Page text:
March 28, 2016

Ellen/Reid: For some reason I was moping here on the couch last week when out of the blue comes this opportunity to be the editor of a small town paper. Talk about going from the very low to the very high. The very thought of it is just so energizing and it has the potential to turn my retirement plans – such as they were – 180 degrees. The Mint Hill Times is undergoing a re-birth since its acquisition by some folks who have publishing experience but no real newspaper experience in the news sense. That’s what I can bring to the table. I just love the idea of being a news guy again. It would rip a page out of your late grandfather’s career when one of his first news jobs after World War II was to work for the Sundance Times and Crook County News up in Wyoming. My initial meeting was Friday with one of the co-owners, a woman who was the first to hear my ‘this is how news ought to work …’ diatribe. As we wrapped up our lunch at The Hill, a local bar in Mint Hill, I got up from the table and walked outside to a street corner to cover, and file, my first story for the paper, a Good Friday gathering of several hundred worshippers. She set up a Saturday morning meeting with her husband and the other owners over coffee at a local McDonalds to talk about editorial philosophy. It went fine.

What’s up in the air is how much time I can devote to this endeavor; although we talked only about part time work, by necessity it would really be full time at first and who-knows-what later. Most small papers like The Times are highly dependent on advertising to make things click and they are just getting up to speed. A lot of the news would be soft features. No real hard news to speak of but mostly goings on in town. That’s the nature of the beast. They have a group of six free lancers, not counting my students, that whoever ends up being the editor would have to ride herd over. News organization is a big deal for them since they have no real process in place. I owe them an outline of how I’d run the virtual  ‘newsroom’ since they have no physical office as of yet. We’ll continue to work through things this week. But if nothing else I’ll be a writer and that’s fine, too. My students aren’t stepping up quite like I expected them to but I’ll goad them over that hurdle.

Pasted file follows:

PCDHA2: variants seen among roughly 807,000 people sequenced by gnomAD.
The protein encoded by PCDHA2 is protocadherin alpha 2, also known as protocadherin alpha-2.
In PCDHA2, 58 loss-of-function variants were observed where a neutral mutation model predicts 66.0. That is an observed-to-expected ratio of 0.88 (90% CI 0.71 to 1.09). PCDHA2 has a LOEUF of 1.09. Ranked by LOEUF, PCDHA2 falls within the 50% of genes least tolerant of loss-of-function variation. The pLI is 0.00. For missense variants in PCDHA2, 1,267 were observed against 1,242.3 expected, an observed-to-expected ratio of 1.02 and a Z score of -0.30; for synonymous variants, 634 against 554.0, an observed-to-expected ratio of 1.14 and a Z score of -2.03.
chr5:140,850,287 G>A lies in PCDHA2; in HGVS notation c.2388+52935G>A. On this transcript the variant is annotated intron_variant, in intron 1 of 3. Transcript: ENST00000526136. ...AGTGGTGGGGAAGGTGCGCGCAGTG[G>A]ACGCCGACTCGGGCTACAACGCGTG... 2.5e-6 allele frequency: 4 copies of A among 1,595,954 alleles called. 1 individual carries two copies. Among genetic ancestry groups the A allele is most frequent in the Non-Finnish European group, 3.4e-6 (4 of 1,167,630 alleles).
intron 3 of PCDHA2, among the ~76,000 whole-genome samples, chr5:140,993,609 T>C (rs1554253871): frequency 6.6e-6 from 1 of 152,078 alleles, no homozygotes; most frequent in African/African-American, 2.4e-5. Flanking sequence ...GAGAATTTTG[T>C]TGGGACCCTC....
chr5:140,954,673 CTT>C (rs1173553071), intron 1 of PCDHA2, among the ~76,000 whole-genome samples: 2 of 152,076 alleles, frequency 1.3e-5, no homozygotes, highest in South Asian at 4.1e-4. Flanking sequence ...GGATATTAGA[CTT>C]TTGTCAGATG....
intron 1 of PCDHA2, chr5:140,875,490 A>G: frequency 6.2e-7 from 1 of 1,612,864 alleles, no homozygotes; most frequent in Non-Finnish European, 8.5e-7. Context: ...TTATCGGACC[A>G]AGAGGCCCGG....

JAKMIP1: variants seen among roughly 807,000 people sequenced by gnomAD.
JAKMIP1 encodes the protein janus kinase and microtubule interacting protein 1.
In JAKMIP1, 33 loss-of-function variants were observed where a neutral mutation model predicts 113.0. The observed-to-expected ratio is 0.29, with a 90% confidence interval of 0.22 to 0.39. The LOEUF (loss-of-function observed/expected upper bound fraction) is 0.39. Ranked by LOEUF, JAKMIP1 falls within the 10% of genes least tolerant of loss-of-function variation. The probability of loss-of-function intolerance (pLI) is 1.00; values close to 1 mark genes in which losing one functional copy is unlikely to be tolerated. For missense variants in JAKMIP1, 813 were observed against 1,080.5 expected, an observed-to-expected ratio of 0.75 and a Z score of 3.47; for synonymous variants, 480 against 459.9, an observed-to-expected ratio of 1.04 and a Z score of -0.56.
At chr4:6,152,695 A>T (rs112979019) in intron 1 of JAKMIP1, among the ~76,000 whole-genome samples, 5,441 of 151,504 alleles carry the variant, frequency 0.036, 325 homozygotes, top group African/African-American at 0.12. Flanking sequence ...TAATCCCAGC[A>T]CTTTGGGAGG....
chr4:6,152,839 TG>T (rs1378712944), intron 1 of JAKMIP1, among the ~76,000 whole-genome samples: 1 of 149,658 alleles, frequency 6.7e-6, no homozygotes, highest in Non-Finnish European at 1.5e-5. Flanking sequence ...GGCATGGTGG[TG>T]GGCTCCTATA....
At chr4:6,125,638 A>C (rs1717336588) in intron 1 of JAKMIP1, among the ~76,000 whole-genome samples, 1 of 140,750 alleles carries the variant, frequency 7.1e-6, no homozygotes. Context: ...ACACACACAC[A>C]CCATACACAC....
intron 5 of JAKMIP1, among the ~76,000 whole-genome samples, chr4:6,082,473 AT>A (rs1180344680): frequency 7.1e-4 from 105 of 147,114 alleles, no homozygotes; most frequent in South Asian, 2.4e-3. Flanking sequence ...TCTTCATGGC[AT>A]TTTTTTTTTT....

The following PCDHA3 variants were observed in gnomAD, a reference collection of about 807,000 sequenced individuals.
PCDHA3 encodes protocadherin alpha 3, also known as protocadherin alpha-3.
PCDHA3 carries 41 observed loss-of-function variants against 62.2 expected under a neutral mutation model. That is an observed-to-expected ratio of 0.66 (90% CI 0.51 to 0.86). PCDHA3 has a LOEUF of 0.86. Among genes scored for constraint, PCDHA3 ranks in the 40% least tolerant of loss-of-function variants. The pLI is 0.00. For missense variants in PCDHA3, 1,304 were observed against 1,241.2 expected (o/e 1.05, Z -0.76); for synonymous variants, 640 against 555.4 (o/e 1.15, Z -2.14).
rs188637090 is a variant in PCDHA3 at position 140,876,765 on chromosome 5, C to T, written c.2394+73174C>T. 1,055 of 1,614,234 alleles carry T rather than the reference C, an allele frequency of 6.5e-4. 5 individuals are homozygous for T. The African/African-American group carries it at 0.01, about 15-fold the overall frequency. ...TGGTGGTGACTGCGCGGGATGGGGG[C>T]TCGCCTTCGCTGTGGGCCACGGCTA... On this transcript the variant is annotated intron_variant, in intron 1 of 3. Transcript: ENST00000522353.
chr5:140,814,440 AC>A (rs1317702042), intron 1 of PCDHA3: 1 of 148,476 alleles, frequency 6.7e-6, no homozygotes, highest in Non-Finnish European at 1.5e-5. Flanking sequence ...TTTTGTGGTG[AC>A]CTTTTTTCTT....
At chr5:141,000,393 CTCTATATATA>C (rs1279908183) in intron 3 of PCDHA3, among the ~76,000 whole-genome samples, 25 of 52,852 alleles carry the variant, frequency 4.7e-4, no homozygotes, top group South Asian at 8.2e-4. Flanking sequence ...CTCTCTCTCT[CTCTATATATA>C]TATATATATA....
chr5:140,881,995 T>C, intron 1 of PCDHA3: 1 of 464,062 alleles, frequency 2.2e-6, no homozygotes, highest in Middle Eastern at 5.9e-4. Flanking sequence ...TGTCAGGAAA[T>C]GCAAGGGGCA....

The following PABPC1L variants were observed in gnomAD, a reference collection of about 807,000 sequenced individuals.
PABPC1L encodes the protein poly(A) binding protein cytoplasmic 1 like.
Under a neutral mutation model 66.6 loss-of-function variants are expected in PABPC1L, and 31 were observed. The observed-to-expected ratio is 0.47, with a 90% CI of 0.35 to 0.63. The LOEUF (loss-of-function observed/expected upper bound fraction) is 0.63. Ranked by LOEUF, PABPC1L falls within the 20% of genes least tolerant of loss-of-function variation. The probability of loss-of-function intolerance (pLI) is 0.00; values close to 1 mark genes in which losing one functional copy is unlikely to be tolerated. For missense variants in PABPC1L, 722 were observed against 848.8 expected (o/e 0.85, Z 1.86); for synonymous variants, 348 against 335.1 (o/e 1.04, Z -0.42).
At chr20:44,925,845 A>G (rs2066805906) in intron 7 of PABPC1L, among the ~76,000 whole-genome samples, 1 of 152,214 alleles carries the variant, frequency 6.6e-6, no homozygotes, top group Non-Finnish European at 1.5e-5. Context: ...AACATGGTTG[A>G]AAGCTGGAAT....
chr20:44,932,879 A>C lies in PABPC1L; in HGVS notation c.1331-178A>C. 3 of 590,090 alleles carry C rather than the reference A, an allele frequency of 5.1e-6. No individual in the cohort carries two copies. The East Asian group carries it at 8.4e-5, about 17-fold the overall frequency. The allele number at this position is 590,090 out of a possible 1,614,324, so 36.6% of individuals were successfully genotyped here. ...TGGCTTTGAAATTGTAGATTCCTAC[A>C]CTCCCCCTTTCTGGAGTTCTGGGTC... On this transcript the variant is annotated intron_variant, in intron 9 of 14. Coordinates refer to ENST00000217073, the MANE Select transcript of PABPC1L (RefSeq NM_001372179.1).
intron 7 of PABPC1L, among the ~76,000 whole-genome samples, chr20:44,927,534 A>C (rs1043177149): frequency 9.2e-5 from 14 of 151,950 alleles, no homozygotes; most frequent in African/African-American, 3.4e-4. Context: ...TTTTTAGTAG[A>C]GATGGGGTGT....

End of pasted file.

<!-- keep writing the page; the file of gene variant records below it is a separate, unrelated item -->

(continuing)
My plans this week were to head to Charleston tomorrow for another day trip of fishing but that’s on hold now in view of the newspaper discussion.

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Miss Emma and I may have missed a saltwater excursion last week, but we’ll make up for it this Wednesday, April 6 when we traipse to Bowens Island for a day of angling for reds and specks.

About 20 folks from my golf Meetup group will head to a funky concert venue, The Fillmore, this Friday night for a tribute show to the Eagles. The place will be absolutely jam packed and I’ve snagged about 30 free tickets. What the place gives up in terms of ticket prices they make up for in $10 Continue reading